The winter months in Iceland often offer ethereal lighting and an incredible atmosphere, and we’re not just talking about the amazing northern lights.
In the downtown area you can find plenty of pigeons during the winter. They hide on roofs and fly in flocks to keep warm while searching for leftovers on the streets below; some are even fed by experts. This group keeps a close watch by the old harbor, where a pigeon keeper feeds them. With so many white ones, they are almost like a sign of peace, which is much needed in today’s world.
Ingólfur Arnarsson is considered the first settler in Iceland. He was outlawed from Norway and came here with a group of people that settled in 874. This statue of him overlooks the harbor area from afar and is a venue for many gatherings, snow sled rides in winter and lots of concerts in summer. It is just off the main shopping streets Bankastræti and Laugavegur.
There are numerous places to experience true nature in the capital, on all sides of the city. The area around Elliðaárdalur Valley is beautiful in winter and summer. These swans are bathed in the pinkish color that the sun casts from the Blue Mountains, Reykjavik’s main skiing area.
Snow, rock, ice and the sea; very Icelandic: This is the view towards Mt. Esja, taken close to the Harpa Concert Hall, where you can begin a walk around the harbor area or go in the other direction to see the coastline and Viðey, where the Lennon/Ono Peace Tower beams into the dark night sky from 9 October to 8 December every year. Mt. Esja is a popular hiking destination during the summer, just keep in mind that it’s not as close as it appears, you’ll have to drive there.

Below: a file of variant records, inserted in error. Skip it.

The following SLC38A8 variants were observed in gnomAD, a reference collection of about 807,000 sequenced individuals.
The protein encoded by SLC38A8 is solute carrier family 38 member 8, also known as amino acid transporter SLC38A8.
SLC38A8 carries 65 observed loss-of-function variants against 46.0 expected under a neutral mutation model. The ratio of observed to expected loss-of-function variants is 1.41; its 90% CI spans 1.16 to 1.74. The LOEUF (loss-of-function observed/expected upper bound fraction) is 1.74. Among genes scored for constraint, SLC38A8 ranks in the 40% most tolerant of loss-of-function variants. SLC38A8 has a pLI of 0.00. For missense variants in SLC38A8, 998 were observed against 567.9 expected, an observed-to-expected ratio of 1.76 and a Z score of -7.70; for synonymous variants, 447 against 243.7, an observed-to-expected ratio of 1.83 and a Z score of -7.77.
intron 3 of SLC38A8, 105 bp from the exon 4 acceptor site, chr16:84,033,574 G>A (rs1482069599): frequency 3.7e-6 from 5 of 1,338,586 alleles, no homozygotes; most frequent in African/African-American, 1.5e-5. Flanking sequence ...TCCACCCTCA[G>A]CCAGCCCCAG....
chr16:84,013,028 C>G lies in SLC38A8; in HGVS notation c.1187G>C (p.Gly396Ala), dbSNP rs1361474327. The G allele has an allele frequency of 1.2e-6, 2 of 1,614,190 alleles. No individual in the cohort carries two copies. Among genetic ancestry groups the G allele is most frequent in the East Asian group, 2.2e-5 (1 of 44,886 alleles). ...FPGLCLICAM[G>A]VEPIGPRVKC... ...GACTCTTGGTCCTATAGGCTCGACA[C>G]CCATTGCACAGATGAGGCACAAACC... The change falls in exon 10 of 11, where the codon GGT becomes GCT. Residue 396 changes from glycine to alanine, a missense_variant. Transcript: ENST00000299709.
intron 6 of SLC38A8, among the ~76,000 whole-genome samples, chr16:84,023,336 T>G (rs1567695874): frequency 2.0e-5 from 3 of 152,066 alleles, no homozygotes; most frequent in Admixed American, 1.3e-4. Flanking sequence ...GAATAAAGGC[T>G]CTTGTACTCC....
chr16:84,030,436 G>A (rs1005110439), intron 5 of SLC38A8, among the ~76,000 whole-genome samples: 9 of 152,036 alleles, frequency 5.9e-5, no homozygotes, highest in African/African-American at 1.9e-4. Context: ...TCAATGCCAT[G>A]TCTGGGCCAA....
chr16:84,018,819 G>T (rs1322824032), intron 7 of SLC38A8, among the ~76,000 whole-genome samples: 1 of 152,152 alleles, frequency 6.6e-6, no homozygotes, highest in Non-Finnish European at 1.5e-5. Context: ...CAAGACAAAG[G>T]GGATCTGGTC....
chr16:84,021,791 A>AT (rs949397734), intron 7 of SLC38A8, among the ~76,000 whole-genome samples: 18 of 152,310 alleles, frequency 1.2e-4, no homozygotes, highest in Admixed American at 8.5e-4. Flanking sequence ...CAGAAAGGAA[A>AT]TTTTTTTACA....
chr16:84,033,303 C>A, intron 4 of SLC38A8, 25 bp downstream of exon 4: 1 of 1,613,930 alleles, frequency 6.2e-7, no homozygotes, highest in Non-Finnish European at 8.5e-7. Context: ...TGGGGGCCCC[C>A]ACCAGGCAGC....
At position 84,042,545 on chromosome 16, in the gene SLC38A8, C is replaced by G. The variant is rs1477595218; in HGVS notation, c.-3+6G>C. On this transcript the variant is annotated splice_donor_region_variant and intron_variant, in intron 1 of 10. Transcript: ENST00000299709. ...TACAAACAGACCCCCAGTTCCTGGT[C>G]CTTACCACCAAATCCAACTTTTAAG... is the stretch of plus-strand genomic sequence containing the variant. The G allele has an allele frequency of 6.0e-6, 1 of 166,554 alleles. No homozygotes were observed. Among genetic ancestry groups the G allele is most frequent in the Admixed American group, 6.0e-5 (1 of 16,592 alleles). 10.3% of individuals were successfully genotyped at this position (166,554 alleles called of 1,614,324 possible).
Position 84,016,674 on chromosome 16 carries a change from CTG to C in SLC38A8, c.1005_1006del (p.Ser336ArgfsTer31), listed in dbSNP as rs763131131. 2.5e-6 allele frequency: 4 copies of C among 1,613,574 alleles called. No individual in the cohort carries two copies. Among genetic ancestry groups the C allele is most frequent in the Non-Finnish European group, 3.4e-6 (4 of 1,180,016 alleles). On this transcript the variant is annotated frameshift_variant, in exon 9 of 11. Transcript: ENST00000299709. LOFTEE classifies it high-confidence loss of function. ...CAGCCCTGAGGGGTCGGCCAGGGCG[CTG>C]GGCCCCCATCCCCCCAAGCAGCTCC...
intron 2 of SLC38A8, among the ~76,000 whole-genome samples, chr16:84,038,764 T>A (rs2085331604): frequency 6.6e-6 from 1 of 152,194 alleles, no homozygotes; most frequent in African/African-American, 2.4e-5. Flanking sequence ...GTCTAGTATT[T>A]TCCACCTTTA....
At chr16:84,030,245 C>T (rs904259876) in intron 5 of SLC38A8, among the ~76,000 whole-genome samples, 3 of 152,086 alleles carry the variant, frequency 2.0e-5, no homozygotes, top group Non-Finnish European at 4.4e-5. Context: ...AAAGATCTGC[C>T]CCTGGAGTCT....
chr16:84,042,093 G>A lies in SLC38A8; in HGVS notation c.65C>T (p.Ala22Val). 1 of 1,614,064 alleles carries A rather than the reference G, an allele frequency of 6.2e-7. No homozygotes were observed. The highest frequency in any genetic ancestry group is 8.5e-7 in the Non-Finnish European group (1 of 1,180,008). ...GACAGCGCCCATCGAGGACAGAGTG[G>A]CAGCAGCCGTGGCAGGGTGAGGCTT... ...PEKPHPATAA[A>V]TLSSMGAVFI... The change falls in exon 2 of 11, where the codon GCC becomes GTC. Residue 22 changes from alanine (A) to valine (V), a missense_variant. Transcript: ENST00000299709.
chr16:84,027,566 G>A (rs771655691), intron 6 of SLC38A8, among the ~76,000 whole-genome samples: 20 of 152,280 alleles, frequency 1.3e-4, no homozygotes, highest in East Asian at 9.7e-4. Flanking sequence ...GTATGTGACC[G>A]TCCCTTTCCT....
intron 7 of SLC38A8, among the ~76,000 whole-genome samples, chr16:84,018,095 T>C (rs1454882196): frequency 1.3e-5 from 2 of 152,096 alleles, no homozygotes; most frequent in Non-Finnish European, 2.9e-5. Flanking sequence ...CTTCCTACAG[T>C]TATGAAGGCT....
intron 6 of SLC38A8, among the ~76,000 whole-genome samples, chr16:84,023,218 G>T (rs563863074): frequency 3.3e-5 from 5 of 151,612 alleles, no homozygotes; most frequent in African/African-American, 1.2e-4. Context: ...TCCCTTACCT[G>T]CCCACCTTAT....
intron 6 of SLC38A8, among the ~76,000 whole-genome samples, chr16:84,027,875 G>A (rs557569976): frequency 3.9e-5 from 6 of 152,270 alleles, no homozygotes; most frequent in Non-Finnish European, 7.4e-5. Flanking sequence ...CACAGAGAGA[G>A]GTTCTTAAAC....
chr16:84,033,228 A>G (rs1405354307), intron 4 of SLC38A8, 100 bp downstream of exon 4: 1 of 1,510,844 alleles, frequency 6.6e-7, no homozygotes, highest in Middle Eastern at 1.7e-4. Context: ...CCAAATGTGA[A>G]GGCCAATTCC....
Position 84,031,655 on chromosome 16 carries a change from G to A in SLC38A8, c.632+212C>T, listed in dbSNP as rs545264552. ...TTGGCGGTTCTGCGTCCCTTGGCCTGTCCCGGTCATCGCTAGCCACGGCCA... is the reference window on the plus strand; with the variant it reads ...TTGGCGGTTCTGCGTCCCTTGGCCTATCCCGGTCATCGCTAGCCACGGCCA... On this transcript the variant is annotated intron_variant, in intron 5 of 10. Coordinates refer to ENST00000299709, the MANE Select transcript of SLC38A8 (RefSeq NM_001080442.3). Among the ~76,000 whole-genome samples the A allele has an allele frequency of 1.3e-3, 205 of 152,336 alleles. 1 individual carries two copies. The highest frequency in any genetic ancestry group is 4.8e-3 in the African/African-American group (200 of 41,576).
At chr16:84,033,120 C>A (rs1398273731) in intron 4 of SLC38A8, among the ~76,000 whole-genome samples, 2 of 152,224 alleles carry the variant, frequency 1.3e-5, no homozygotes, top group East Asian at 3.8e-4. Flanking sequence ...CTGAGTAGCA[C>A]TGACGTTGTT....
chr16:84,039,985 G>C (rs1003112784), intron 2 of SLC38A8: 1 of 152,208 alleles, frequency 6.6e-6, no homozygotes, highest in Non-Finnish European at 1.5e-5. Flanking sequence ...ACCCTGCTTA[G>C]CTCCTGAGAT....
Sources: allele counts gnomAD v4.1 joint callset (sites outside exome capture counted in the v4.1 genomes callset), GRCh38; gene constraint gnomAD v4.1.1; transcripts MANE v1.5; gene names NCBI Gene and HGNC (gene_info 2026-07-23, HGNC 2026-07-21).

The houses in Reykjavik are very colorful and many are different from anything you see elsewhere in the world. Houses in the Árbæjarsafn Museum show how people in Iceland lived in the past, exhibiting an extensive showcase of how things once were. It wasn’t so long ago that people in Iceland lived in houses made of wood and turf. To make it through the cold winter months some houses were warmed with the body heat of sheep, cows and other livestock.
Many modern buildings in the capital have glass windows, not least in the business district. This glass tower in Kopavogur stands grand in the light of the winter moon, as the sun has just set on the horizon. This kind of light catches the eye of photographers who visit Iceland.
When walking around Reykjavik during the winter, it’s smart to dress accordingly, and this tourist has the right stuff. Photographing in the winter light is magical, and it is ever changing, which also poses a challenge. The number one rule, before going on any adventure is to dress warm.